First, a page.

With climate change expected to bring more heatwaves, violent storms and heavy rainfall, the impact on human society is likely to be significant. As if we didn't have enough to adapt to, a new paper suggests extreme weather could further contribute to rising carbon dioxide levels by reducing how much carbon plants draw out of the air.
Growing plants take carbon dioxide out of the atmosphere and store it as living plant matter. The world's ecosystems have absorbed about a third of the carbon dioxide humans have put into the atmosphere through fossil fuel burning.In effect, by reducing the amount of carbon dioxide in the atmosphere, plants keep global temperature below what it might otherwise be.
The new paper suggests extreme weather events - such as heatwaves, droughts , storms and fires - weaken ecosystems' ability to act as a buffer against climate change.And the situation is likely to worsen as temperatures continue to rise and such extreme events become more frequent or more severe, the authors say.
Posted on 14 August 2013 by dana1981 &
The Maunder Minimum was a period of very low solar activity between 1645 and 1715, and the Dalton Minimum was a period of low (but not as low as the Maunder Minimum) solar activity between 1790 and 1830. Solar research suggests that we may have a similar period of low solar activity sometime this century.
400 years of sunspot observations data, via Wikipedia
Recent articles in the Danish newspaper Jyllands-Posten (translation available here) and in the Irish Times both ran headlines claiming that another grand solar minimum could potentially trigger an "ice age" or "mini ice age" this century. These articles actually refer to the Little Ice Age (LIA) – a period about 500 to 150 years ago when global surface temperatures were about 1°C colder than they are today.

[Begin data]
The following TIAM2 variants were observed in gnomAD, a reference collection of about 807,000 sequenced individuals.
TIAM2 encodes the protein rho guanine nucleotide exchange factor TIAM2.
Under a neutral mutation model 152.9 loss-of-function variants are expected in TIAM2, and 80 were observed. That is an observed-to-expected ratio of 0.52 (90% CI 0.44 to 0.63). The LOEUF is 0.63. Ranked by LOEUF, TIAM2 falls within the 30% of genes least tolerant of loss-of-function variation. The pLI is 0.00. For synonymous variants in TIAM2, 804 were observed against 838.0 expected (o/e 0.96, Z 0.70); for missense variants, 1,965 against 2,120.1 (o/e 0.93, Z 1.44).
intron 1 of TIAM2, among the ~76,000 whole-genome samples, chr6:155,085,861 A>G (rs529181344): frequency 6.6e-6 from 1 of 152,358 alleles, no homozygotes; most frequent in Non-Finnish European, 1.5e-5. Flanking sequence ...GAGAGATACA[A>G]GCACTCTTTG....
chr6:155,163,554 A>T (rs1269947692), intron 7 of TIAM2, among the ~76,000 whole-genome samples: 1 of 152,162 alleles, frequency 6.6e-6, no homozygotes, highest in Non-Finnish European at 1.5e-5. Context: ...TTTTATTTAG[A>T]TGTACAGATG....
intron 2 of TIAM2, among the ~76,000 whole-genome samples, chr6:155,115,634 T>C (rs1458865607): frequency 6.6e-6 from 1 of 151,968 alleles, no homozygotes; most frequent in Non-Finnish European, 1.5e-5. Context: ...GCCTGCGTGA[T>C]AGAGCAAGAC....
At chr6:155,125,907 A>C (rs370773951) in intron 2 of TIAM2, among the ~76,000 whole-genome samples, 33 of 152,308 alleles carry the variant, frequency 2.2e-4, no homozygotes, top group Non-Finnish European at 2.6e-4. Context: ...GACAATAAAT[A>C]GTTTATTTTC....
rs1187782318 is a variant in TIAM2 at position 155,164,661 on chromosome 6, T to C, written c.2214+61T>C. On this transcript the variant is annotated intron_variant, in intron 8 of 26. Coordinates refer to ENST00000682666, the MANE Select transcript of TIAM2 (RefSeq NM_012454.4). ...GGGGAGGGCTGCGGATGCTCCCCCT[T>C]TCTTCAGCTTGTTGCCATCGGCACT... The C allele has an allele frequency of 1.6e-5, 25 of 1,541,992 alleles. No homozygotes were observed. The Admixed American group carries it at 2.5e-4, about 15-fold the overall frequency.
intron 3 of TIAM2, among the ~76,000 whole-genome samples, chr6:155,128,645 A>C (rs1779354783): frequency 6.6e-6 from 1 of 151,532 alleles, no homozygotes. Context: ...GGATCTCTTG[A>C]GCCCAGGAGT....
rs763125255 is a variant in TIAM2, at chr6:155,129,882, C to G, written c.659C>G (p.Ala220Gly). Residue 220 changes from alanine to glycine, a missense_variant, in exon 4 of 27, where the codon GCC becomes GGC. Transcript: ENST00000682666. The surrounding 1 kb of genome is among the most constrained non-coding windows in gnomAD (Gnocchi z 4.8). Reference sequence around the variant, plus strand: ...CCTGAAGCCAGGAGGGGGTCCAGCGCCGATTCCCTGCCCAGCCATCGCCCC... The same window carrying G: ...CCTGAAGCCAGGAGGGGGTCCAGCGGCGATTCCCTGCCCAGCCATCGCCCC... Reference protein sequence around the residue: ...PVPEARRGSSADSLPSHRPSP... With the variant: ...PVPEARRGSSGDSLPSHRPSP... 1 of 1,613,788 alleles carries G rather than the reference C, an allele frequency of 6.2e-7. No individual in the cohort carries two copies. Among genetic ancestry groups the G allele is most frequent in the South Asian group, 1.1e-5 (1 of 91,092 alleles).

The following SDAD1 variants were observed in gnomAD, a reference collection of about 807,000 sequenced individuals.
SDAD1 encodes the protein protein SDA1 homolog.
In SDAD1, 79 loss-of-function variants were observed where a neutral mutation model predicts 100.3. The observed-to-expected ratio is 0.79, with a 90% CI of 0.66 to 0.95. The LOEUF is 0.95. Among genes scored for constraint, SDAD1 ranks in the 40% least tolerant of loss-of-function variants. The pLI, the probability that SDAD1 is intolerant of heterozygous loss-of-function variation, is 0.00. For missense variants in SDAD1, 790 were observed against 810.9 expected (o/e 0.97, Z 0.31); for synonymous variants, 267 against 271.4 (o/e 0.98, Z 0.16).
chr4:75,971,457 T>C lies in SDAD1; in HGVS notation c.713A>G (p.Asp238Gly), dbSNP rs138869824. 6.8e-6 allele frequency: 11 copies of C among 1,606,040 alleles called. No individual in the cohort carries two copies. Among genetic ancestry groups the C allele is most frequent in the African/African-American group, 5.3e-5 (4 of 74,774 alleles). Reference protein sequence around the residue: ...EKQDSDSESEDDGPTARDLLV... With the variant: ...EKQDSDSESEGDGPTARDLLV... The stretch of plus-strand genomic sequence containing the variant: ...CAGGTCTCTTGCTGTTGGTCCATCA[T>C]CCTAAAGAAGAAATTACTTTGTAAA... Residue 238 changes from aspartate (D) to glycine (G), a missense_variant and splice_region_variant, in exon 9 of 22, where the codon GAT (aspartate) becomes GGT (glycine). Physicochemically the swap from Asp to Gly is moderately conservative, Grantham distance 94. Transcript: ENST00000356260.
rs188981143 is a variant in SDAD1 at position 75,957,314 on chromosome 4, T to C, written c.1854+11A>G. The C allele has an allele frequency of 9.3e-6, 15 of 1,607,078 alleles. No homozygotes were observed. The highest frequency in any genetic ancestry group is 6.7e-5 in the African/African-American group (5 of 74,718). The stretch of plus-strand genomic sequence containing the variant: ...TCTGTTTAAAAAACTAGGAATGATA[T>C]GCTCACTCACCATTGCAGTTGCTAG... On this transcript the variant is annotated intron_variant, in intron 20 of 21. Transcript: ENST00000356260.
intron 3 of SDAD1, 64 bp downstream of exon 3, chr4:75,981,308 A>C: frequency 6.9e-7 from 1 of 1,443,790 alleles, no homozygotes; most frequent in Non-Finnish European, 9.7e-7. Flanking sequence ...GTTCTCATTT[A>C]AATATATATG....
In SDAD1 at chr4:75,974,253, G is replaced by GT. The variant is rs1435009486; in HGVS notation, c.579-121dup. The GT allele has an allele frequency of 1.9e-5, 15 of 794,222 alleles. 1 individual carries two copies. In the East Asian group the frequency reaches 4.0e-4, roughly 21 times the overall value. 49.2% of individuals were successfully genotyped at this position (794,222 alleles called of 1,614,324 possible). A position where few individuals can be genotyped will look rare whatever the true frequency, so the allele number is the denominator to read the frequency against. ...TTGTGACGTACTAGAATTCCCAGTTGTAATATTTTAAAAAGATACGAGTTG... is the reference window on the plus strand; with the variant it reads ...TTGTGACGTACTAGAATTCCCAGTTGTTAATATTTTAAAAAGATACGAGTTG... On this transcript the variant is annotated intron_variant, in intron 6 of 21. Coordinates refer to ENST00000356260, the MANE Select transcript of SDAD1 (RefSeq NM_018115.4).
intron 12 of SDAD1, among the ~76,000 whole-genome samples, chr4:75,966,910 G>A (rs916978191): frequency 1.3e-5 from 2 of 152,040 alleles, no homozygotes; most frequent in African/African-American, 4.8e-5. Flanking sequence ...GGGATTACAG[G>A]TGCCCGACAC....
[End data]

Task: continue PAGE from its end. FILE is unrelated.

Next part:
Thus a grand solar minimum would have to cause about 1°C cooling, plus it would have to offset the continued human-caused global warming between 1 and 5°C by 2100, depending on how our greenhouse gas emissions change over the next century. Though in the Jyllands-Posten article, Henrik Svensmark (the main proponent of the galactic cosmic ray-climate hypothesis) was a bit more measured, suggesting,
"I can imagine that it will become 0.2°C colder. I would be surprised if it became 1–2°C"
So these two articles are suggesting that a grand solar minimum could have a cooling effect of about 1 to 6°C, depending on how human greenhouse gas emissions change over the next century. Is it plausible that a grand solar minimum could make that happen?
The short answer is, 'No.'
Posted on 13 August 2013 by dana1981 &
This is a re-post of a Carbon Brief article by Freya Roberts
A new look at how the earth freezes and thaws suggests that while colder glacial periods in earth's history are triggered by changes in the planet's orbit, it takes climate feedbacks to give a full picture of why the planet freezes and thaws every hundred millennia.
The last million years
Earth has cycled between glacial and interglacial periods roughly every 100,000 years out of the past million. When the climate cools, vast ice sheets grow slowly from the north pole towards the equator, burying much of North America, Europe and Asia. When earth warms again, these continent-sized ice sheets melt quickly and retreat towards the poles.